They say “clothes make the man.”  I believe it, but not in the way you may think.

A decade ago I was finishing my graduate degree and seeking a job in ministry.  My job search narrowed to three very good options, one of which is the fantastic job with a private Christian high school I still have to this day.  Another very enticing option was your traditional preaching position at a great church in upstate New York.  I have never regretted turning down that job offer — because of the fulfillment I have in my present ministry — but I am sure I would have been very happy with that welcoming community of believers too. 

Throughout the interviewing process with this church, my main contact had always been a particular man whose name I am afraid I can no longer remember.  But I will never forget his heart.  I imagine we have all met people for whom it seems God is as present a reality as a flesh-and-blood companion.  This man was one of those kind of people.  I guess I had met a few others like that through my life up to that point, and I have met others since then, but they are rare and so inspiring when you find them.  My New York contact left quite an impression on me.  God was always lurking under the surface or around the corner in every conversation.  He was as active a participant in the events of this man’s life as his wife or kids.  God’s actions were as certain to this man as those of his boss or his friends.  And God got all the credit for the good my contact found in the world and in others.  Some of the last words this man said to me as we sat in the airport waiting for my plane back to Memphis were: “I am very thankful for the God I see in you.”  The GOD I see in you!  He didn’t say he was thankful for me or my abilities or my willingness to serve.  No, he was able to look past me and see that anything good in me was truly coming from the God in me.  How impressionable!  How right!  What a blessing my encounter with this man has remained a decade later.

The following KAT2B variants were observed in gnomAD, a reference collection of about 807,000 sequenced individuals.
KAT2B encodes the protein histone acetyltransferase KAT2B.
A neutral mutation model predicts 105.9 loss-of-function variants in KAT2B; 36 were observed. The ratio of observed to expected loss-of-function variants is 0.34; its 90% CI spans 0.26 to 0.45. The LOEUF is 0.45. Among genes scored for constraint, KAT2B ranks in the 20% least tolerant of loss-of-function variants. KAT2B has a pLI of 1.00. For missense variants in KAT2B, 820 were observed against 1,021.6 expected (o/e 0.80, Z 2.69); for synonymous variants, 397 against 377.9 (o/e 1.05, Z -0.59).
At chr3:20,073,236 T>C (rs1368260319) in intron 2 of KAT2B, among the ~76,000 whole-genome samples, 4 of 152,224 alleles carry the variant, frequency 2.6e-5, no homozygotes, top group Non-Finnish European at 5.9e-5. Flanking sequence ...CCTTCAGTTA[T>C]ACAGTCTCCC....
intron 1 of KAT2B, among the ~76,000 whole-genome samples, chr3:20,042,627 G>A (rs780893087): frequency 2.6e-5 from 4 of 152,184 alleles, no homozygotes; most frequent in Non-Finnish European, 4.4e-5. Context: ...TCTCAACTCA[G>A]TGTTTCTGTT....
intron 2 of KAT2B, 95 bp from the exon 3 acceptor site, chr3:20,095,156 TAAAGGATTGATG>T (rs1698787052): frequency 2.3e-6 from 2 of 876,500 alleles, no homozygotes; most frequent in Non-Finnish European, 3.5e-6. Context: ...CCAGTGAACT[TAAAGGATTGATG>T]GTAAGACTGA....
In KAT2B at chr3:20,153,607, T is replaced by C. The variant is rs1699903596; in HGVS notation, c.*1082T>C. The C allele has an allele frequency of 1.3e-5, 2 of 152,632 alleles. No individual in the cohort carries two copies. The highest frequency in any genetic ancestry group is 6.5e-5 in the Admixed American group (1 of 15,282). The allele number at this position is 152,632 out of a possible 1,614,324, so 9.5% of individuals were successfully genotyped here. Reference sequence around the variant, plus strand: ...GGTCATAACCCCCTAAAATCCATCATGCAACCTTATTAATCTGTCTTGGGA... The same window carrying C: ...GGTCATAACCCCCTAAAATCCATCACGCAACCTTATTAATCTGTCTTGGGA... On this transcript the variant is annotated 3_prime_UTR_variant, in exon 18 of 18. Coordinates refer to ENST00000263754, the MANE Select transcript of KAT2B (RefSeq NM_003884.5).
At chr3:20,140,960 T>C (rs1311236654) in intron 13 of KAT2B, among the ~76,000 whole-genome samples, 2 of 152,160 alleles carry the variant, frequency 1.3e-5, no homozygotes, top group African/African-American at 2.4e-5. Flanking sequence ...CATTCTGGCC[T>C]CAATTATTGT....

In today’s reading we come to a perfect word for what this man possessed: “God-consciousness.”  This idea is connected in this passage with the clothing metaphor that runs throughout.

Children of Adam, We [Allah] have given you garments to cover your nakedness and as adornment for you; the garment of God-consciousness is the best of all garments. (7:26)

It was this clothing of God-consciousness that Adam and Eve possessed.  But it was not long before Satan stripped them of these clean clothes and God began to fade from humanity’s collective consciousness (7:27).  But the Children of Adam can once again “dress well” (7:31) by directing our “worship straight to Him,” by devoting our “religion entirely to Him” (7:29).  This is the worship of a person like the man I met from New York whose God is so big it fills his consciousness.  This is the kind of person for whom it is as important to “put on” God in the morning as it is a pair of pants.  This man is always properly dressed.  At the end of life, a “God-conscious” man gives all praise to God for guiding him there, knowing had it not been for God he never would have found his resting place in the Garden of delights (7:43).  Like the New Yorker, God is always just under the surface.  That is God-consciousness.    

Commentator Abdullah Yusuf Ali says this about this clothing metaphor in his translation of the Qur’an:

There is a double philosophy of clothes here. Spiritually, God created man “bare and alone” (6:94): the soul in its naked purity and beauty knew no shame because it knew no guilt. After it was touched by guilt and soiled by evil, its thoughts and deeds became its clothing and adornments, good or bad, honest or meretricious [tawdry], according to the inner motives which gave them colour. . . . But the best clothing and ornament we could have comes from righteousness, which covers the nakedness of sin, and adorns us with virtues.

These “clothes” really do make the man.